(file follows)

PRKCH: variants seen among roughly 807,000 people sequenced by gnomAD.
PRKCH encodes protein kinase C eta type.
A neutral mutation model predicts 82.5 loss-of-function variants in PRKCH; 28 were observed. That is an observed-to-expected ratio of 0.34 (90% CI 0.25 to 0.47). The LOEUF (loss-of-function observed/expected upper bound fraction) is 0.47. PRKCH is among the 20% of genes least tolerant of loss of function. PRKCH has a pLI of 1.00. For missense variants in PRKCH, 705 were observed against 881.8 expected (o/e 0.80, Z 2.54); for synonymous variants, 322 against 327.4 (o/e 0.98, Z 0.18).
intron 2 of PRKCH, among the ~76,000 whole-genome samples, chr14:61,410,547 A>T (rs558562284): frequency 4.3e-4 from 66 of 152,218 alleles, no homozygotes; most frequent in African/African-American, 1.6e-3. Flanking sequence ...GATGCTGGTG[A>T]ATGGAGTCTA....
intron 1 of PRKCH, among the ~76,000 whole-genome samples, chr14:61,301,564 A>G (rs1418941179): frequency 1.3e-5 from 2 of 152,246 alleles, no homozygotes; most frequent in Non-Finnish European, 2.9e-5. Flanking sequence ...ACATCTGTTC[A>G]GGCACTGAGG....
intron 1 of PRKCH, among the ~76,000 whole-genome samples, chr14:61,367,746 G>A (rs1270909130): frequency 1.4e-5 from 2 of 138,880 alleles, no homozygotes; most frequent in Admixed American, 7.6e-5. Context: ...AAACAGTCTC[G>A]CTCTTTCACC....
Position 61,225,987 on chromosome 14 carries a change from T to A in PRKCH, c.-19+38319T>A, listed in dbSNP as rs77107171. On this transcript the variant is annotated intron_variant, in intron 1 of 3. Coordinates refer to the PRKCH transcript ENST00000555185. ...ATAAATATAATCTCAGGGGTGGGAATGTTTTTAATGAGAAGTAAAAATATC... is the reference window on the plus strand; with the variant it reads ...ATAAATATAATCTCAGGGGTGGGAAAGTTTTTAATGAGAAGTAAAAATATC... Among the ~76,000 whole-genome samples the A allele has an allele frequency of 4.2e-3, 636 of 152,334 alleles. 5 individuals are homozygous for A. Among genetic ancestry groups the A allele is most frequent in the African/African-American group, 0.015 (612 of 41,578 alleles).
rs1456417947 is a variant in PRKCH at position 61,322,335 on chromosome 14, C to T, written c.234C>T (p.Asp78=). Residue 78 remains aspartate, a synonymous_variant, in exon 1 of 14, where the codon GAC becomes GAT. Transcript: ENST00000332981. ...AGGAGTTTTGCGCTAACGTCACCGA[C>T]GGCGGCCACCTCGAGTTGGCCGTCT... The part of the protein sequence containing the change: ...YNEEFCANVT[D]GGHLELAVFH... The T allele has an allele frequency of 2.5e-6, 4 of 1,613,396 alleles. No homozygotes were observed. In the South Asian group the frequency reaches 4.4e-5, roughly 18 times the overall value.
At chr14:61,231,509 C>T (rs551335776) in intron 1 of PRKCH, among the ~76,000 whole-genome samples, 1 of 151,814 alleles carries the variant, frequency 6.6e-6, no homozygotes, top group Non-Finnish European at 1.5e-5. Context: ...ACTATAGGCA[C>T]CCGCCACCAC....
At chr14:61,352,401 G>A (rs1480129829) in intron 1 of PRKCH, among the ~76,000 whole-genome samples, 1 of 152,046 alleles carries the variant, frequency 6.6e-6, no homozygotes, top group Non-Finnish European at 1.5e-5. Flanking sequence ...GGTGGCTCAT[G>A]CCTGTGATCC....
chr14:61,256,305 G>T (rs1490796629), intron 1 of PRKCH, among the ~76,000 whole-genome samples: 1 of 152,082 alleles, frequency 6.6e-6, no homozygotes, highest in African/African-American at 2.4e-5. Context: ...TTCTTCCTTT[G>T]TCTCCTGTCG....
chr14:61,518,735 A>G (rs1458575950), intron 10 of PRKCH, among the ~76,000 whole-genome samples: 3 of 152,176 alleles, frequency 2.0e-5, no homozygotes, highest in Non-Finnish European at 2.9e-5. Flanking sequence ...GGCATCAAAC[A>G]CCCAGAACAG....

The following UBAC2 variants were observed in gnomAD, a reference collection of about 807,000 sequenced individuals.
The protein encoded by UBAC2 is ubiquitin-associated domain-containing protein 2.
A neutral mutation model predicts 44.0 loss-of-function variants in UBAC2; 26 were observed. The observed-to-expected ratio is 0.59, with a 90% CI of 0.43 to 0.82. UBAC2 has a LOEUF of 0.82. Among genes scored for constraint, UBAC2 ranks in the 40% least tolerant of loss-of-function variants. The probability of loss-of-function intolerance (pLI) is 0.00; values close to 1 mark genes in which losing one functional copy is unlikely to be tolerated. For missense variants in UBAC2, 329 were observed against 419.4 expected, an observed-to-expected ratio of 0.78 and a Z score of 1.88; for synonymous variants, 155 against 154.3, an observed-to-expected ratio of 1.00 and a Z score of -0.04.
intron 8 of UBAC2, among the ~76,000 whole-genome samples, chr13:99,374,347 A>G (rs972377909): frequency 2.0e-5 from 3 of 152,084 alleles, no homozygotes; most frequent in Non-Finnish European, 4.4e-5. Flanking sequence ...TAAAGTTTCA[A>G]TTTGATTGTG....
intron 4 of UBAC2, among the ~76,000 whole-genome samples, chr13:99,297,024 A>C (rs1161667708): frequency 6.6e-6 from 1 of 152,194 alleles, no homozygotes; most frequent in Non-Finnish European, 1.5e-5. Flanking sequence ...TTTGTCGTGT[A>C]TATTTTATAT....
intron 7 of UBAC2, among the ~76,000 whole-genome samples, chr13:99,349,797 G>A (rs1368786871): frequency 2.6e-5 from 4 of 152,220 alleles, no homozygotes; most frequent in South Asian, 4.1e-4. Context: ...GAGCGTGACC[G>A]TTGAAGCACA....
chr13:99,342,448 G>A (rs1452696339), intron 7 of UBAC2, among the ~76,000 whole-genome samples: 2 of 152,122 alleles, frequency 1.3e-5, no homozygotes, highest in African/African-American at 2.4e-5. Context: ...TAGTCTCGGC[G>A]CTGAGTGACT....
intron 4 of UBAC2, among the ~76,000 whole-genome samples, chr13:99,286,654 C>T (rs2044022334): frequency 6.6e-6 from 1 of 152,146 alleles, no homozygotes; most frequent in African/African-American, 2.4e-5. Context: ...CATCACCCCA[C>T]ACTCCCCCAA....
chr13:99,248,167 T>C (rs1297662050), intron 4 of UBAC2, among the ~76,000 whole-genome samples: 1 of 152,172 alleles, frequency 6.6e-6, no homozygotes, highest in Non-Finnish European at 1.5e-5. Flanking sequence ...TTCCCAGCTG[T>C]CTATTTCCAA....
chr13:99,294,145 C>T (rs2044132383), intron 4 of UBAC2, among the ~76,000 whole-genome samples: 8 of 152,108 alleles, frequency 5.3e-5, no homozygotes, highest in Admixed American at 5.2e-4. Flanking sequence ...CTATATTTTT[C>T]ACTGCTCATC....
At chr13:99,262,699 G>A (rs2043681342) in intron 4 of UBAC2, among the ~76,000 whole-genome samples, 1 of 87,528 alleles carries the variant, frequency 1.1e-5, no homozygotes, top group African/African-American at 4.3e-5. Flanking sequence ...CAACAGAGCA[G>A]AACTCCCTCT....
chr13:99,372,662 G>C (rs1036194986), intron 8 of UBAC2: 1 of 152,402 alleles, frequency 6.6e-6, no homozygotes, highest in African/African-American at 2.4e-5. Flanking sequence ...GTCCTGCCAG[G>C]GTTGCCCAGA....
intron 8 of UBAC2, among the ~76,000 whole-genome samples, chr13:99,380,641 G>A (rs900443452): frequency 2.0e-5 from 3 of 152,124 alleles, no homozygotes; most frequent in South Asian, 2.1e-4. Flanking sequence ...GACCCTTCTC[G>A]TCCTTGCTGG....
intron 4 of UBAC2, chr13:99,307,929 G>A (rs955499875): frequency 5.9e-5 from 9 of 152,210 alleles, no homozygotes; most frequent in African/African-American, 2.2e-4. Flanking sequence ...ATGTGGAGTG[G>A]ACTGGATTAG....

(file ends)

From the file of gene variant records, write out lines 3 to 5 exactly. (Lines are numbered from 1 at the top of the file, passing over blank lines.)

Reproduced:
A neutral mutation model predicts 82.5 loss-of-function variants in PRKCH; 28 were observed. That is an observed-to-expected ratio of 0.34 (90% CI 0.25 to 0.47). The LOEUF (loss-of-function observed/expected upper bound fraction) is 0.47. PRKCH is among the 20% of genes least tolerant of loss of function. PRKCH has a pLI of 1.00. For missense variants in PRKCH, 705 were observed against 881.8 expected (o/e 0.80, Z 2.54); for synonymous variants, 322 against 327.4 (o/e 0.98, Z 0.18).
intron 2 of PRKCH, among the ~76,000 whole-genome samples, chr14:61,410,547 A>T (rs558562284): frequency 4.3e-4 from 66 of 152,218 alleles, no homozygotes; most frequent in African/African-American, 1.6e-3. Flanking sequence ...GATGCTGGTG[A>T]ATGGAGTCTA....
intron 1 of PRKCH, among the ~76,000 whole-genome samples, chr14:61,301,564 A>G (rs1418941179): frequency 1.3e-5 from 2 of 152,246 alleles, no homozygotes; most frequent in Non-Finnish European, 2.9e-5. Flanking sequence ...ACATCTGTTC[A>G]GGCACTGAGG....